Holiday Photos (Quick: Make me slimmer!)

The holiday season’s here, New Year’s plans are being made, and you know you’re going to be in pictures. Lots of them. You’ve heard that cameras “add ten pounds,” right? Well, kinda, sorta, not really. In fact, no, they don’t. The camera is just a tool. It’s not trying to take an unflattering picture of you. It just records what is picked up by the lens via the light that enters through it. The ONLY time a camera adds ten pounds to your weight is when you’re holding a ten-pound camera! Smile.

Are you a little shy in front of a camera? Are you afraid of “camera bloat”? These tips may help: 

Camera shy?

  • If you’re caught in an unflattering pose, that’s what’s recorded. Here are some posing tips:
  • To help reduce the “double chin” effect: When posing, push your head forward as far as you can, comfortably. Practice this in front of a mirror. Do it several times until you stop feeling like you’re doing the chicken dance.  It feels strange at first, but when you see its effect of “slimming” your neck/chin area, you’ll love it! You too, guys! You can also wear a scarf or turtleneck, or place your hands in a flattering position, framing your neck.
  • If you have a wider face or body, you can angle your body away from the camera, including your face, and if you want, turn your face slightly back toward the camera so that it’s st
  • Suck in that gut – but not too much! You know the drill: stomach in, shoulders back, chest out. Again, don’t overdo the “chest out” or “stomach in” parts. It will look, uh, like this:
Don't overdo it!
  • Don’t face the sun; it will make you squint and will show every line and wrinkle. Let the photographer figure out how to light you if you’re backlit. He or she will likely use a low-powered flash to bring you out of the shadows you, while maintaining a good balance with the ambient (natural or available) light.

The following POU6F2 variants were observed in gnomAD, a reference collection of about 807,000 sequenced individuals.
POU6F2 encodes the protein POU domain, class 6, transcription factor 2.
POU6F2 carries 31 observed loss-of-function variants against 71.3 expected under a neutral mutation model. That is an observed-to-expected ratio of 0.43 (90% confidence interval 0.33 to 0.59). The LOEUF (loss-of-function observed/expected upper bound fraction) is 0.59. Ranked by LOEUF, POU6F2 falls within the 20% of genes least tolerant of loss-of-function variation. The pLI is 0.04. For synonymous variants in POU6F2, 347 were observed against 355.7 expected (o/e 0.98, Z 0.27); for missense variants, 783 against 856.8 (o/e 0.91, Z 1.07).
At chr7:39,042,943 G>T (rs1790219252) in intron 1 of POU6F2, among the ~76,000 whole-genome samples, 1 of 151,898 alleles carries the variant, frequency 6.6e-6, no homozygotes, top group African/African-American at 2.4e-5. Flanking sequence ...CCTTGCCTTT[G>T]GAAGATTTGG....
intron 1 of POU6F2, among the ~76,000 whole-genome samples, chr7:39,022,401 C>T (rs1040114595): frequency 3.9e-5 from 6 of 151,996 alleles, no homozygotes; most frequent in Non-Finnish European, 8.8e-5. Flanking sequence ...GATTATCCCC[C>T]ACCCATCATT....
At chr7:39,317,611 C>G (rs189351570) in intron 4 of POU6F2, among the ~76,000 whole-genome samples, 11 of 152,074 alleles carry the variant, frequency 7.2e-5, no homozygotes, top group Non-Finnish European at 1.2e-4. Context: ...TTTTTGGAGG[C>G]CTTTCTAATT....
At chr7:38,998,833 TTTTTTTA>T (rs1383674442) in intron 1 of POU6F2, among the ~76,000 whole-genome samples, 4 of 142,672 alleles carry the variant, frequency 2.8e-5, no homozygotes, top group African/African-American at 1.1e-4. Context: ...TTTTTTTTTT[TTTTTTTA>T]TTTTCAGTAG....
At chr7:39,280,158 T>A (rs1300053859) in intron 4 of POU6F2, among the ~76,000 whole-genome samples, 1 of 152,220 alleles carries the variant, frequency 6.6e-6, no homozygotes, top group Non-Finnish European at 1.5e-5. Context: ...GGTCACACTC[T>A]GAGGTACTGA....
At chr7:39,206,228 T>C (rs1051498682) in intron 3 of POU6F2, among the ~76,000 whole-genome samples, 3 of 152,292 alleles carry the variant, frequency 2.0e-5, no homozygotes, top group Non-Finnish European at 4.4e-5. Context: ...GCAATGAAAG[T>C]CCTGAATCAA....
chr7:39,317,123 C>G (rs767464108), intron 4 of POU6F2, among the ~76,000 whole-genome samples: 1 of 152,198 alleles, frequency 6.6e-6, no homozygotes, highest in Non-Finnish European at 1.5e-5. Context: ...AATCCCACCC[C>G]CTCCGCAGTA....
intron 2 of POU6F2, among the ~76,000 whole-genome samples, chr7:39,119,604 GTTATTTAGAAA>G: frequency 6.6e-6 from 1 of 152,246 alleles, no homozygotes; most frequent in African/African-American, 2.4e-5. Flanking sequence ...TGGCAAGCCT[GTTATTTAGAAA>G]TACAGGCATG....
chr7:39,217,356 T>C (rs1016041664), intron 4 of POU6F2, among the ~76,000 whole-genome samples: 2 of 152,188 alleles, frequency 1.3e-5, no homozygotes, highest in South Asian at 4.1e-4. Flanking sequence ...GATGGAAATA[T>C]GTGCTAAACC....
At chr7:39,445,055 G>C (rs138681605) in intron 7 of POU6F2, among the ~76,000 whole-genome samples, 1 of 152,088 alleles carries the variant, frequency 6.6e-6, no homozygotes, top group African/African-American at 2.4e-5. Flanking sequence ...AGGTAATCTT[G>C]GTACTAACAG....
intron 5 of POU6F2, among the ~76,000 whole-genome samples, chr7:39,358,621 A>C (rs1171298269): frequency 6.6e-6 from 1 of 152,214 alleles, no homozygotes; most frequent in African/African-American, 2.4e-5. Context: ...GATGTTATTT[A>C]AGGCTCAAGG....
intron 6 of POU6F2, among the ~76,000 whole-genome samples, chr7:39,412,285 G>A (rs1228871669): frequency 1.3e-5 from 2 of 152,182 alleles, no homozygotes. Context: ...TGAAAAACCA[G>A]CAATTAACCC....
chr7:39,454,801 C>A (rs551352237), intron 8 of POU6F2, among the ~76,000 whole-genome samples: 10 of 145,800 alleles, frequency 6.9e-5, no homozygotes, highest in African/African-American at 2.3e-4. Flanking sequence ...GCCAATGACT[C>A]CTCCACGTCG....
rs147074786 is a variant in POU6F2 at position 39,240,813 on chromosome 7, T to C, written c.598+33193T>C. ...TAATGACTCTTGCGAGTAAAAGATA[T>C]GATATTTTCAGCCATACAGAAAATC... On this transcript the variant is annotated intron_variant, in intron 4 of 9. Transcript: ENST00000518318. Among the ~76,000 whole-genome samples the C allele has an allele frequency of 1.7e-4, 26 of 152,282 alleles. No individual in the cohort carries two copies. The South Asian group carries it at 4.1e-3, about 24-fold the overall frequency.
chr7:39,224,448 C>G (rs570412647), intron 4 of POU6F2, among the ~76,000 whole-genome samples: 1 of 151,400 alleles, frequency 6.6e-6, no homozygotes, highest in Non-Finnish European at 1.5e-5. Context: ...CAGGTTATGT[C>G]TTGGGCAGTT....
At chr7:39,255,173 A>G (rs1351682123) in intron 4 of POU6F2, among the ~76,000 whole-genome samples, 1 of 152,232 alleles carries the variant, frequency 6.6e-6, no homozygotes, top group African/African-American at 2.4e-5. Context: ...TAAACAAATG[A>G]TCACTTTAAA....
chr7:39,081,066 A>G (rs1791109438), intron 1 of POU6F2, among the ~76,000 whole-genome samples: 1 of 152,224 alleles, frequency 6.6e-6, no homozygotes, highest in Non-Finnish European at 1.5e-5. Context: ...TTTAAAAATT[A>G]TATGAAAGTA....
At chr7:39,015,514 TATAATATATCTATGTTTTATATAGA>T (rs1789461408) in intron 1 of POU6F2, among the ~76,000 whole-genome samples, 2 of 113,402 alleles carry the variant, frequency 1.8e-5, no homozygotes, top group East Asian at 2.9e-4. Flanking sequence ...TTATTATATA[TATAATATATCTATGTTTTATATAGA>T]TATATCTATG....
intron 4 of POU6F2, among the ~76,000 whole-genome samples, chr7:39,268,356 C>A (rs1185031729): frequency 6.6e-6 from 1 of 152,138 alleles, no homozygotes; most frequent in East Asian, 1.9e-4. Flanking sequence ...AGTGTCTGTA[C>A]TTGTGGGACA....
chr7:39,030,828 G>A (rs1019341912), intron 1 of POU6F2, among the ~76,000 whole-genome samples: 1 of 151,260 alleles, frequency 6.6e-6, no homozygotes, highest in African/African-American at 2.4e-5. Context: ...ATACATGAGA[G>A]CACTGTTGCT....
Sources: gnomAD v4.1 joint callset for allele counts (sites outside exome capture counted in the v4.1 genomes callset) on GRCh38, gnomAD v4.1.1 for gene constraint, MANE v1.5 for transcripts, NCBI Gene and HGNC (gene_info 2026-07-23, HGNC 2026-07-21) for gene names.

• Don’t let your arms hang so that they touch any part of your body, which includes crossing your arms in front of you. That will help control upper-arm flab. Find something to do with your hands (your photographer can guide you here), or place your arms slightly away from your body to reduce any flab.
  • Side lighting, hair lighting, and using reflectors or deflectors to add subtle shadows to problem areas or redirect light to pleasing areas, can be helpful. Use of lighting to cast subtle shadows on your neck can appear slimming. Photography is all about light, in so many ways.
  • If you feel that your nose is larger than you’d like, I can recommend a good plastic surgeon. Kidding! For these situations, I never take 90-degree profile shots. The face (or camera) should be angled so that your nose doesn’t protrude past your cheek line. This will give the illusion of “decreasing” its size.
Nose issues?

  • If it’s a full-body shot, stand with one leg slightly ahead of the other, with the forward leg’s foot pointed toward the camera and your weight on your back foot.
  • Wear darker solids and avoid large prints that will draw attention to your shape. If you like stripes, do I need to say it? Vertical!
Don't do this!

  • When you look at yourself in the mirror, you’re not seeing yourself as everyone else sees you. You’re seeing – wait for it! – a mirror image! It’s true! Look at a photo of yourself, then look at yourself in the mirror. See? The photo is how others see you, not what you see in the mirror. You’re just not used to that look in the photo because you see yourself “flipped horizontally” on a daily basis.  So, cut yourself some slack – you’re beautiful! (Yes, men, “beautiful” applies to you, too!)
  • If the wrong lens is used, particularly wide-angle lenses used close to you, that’s bad for your figure (unless it’s a spoof – then it can be funny!).  It’s better if a medium telephoto lens is used farther away from you. Telephotos have the effect of “compressing” what’s in the frame, depending on how far the subject is, which also helps with the “slimifying effect.” I do most of my formal portrait work with a 105 mm lens. It gives me enough working space so that I’m not “in your face,” it doesn’t distort you, and it gives a nice, soft background if I adjust the camera’s settings properly.
  • Don’t let anyone “shoot up” at you from below. That will make you look down at the camera, pushing down your neck and chin area. Don’t let yourself be photographed from too high either, because it can make you look like you have disproportionately short legs. The most flattering angle for portraits is when the camera is at eye level. Your eyes.